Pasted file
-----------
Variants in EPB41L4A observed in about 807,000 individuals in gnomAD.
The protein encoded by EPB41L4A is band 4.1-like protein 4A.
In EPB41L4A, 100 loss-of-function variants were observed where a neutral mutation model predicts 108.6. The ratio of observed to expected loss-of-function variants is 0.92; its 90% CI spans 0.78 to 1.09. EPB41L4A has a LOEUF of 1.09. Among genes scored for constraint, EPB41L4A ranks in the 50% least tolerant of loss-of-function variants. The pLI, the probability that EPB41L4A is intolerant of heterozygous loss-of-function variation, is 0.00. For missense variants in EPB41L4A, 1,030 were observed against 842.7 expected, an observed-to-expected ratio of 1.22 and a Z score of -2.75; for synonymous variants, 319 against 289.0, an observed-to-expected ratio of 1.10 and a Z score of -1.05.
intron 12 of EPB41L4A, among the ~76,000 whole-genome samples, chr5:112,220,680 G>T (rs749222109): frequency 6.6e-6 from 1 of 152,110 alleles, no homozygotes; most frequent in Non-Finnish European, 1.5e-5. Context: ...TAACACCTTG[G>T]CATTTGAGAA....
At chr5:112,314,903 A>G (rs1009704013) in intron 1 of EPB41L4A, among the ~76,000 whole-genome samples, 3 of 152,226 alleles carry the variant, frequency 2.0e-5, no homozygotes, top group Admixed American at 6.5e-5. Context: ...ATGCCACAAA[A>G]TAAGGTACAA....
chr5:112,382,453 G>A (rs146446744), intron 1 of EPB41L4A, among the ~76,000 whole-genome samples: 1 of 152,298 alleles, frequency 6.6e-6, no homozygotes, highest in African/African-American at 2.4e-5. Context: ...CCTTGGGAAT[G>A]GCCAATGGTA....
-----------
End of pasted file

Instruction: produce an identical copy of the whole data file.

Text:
Variants in EPB41L4A observed in about 807,000 individuals in gnomAD.
The protein encoded by EPB41L4A is band 4.1-like protein 4A.
In EPB41L4A, 100 loss-of-function variants were observed where a neutral mutation model predicts 108.6. The ratio of observed to expected loss-of-function variants is 0.92; its 90% CI spans 0.78 to 1.09. EPB41L4A has a LOEUF of 1.09. Among genes scored for constraint, EPB41L4A ranks in the 50% least tolerant of loss-of-function variants. The pLI, the probability that EPB41L4A is intolerant of heterozygous loss-of-function variation, is 0.00. For missense variants in EPB41L4A, 1,030 were observed against 842.7 expected, an observed-to-expected ratio of 1.22 and a Z score of -2.75; for synonymous variants, 319 against 289.0, an observed-to-expected ratio of 1.10 and a Z score of -1.05.
intron 12 of EPB41L4A, among the ~76,000 whole-genome samples, chr5:112,220,680 G>T (rs749222109): frequency 6.6e-6 from 1 of 152,110 alleles, no homozygotes; most frequent in Non-Finnish European, 1.5e-5. Context: ...TAACACCTTG[G>T]CATTTGAGAA....
At chr5:112,314,903 A>G (rs1009704013) in intron 1 of EPB41L4A, among the ~76,000 whole-genome samples, 3 of 152,226 alleles carry the variant, frequency 2.0e-5, no homozygotes, top group Admixed American at 6.5e-5. Context: ...ATGCCACAAA[A>G]TAAGGTACAA....
chr5:112,382,453 G>A (rs146446744), intron 1 of EPB41L4A, among the ~76,000 whole-genome samples: 1 of 152,298 alleles, frequency 6.6e-6, no homozygotes, highest in African/African-American at 2.4e-5. Context: ...CCTTGGGAAT[G>A]GCCAATGGTA....